Student Profiles: DJs on Campus

They’re an integral component of your party-going experience at the 5Cs, but their talent is often overlooked on campus. Meet student DJs Andrew Strait PO ’10, Evan Stalker PO ’10 and Kim Katz SC ’10, whose playlists keep our bodies moving and our energy level high. These musical masters shared their personal stories, their musical styles, and some keys to a really great set list. Despite the valuable role they play on campus, though, all three down-played their skill and emphasized their passion for music.

Strait began DJing three years ago after first getting involved with KSPC. His first experience working at a party was less than stellar. “I did a video flow freshman year and it was terrible,” he said. “Just really bad.”

The summer between his freshman and sophomore years, Strait worked as a security guard to save up for two turntables and a mixer. As a sophomore, he started spinning for CCLA parties, and by his junior year he had worked his way up to DJing gallery openings and other small events in LA.

“I like hearing a fresh, new sound,” Strait said, adding that he often plays sets filled with music he’s never listened to before.

Stalker, who began DJing in high school, prefers electro-house and acid-house. He primarily makes use of the same simple tools and synthetic instruments used in 1980s Chicago, where house music was invented. Katz, on the other hand, describes her style as a mix of dubstep, a hip-hop-influenced dance music that originated in the United Kingdom, and fidget house, a specific type of electronic music.

According to Strait, DJing is unquestionably a blend of art and science. He says it would only take about three days to become competent in the technicalities of DJing—how to blend one song into another, how to use the mixer effects, and other essentials. Katz, who just began getting seriously involved in DJing this past year, agreed. “As a beginner, you definitely have to know some basic formulas,” she said.

The art comes in with the choice of playlists and the ability to play off the crowd’s energy. “The art of picking tracks is like choosing the shots in a movie,” Stalker said. Like film editors, DJs have the important role of setting the tone for the night and “framing the total experience.”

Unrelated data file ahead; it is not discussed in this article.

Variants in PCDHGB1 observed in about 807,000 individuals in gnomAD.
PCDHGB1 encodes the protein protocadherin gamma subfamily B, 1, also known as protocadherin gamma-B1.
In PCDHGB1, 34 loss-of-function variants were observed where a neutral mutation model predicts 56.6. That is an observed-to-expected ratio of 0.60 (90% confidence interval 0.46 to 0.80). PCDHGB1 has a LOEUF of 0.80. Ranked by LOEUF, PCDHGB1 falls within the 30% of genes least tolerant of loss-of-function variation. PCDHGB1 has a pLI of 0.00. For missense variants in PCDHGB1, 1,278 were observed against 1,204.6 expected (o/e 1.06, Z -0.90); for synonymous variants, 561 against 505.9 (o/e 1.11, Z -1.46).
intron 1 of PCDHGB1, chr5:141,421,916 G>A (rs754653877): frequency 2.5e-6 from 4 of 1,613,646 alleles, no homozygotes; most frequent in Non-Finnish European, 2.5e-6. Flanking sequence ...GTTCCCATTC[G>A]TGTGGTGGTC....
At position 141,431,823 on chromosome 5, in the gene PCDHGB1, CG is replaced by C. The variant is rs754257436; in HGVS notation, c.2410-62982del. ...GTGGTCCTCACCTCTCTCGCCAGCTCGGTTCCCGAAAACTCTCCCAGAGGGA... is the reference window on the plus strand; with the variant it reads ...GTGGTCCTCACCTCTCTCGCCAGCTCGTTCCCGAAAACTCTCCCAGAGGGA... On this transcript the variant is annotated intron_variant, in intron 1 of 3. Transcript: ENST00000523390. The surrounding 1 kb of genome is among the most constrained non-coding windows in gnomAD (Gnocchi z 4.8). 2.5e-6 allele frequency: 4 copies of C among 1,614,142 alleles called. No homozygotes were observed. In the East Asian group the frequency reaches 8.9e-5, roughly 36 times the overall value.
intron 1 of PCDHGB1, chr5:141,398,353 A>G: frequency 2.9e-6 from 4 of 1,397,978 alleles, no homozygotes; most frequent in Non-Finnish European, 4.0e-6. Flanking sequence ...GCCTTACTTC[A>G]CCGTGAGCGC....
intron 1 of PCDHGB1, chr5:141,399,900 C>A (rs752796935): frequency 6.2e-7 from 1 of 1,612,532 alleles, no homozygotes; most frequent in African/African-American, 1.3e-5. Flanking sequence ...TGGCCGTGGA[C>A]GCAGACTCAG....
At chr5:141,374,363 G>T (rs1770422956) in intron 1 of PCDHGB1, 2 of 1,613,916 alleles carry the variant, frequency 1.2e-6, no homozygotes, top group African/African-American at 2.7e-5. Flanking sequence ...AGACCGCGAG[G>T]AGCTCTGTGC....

Similarly, the transitions can make or break the flow of a dance party. “It takes more of a creative mind to hear a bass line or a riff and recognize that it would sound good with the intro to another song and then blend it smoothly into the next song,” Strait said.

The process of planning set lists varies depending on the event and how much time the DJ has to prepare. Strait DJed last semester’s Harwood Halloween, for which he roughly planned out which tracks he would play in which order. For smaller events, Katz said she would ideally be very familiar with her repertoire of songs and be able to mesh them together into a coherent yet somewhat spontaneous set.

From a DJ’s perspective, the best events are not necessarily the huge, heavily promoted ones, despite the excitement that comes with big crowds. These DJs say the pressure to play popular, crowd-pleasing hits often limits their style. The consensus on their favorite venue is Table Manners, Pomona’s Tuesday-night social affair that usually features electronic and house beats.

“It allows more creative freedom,” Stalker said. “You know a lot of people there and there’s this really friendly, warm vibe.”

All three agreed that DJing requires a different attitude toward music than that of a casual listener. For instance, a DJ might listen to just 15 seconds of a song before deciding to use it in a set, Katz said. Instead of following artists or even listening to whole albums, Strait says DJs scour Internet blogs, follow labels, seek out singles, and stay in touch with other DJs to stay updated on new music.

“DJs interact with music in a totally different way,” Stalker said. But, Katz was quick to point out, “It doesn’t really take away from the fun of the music. It’s just a different way of looking at it.”

Though DJing may seem like a solitary experience—playing music while everyone else is on the dance floor—Strait, Stalker, and Katz say that the experience is actually very social. Katz believes it’s a great way to get to know people. She is interested in the social networking aspect and plans to stay involved in the DJ scene in LA after graduation. Though none of the three are music majors, they all plan to make their passion for DJing part of their futures—whether it means DJing at occasional events (Strait hopes to find gigs in London, where he will be studying next year), or simply sharing and playing music with friends.

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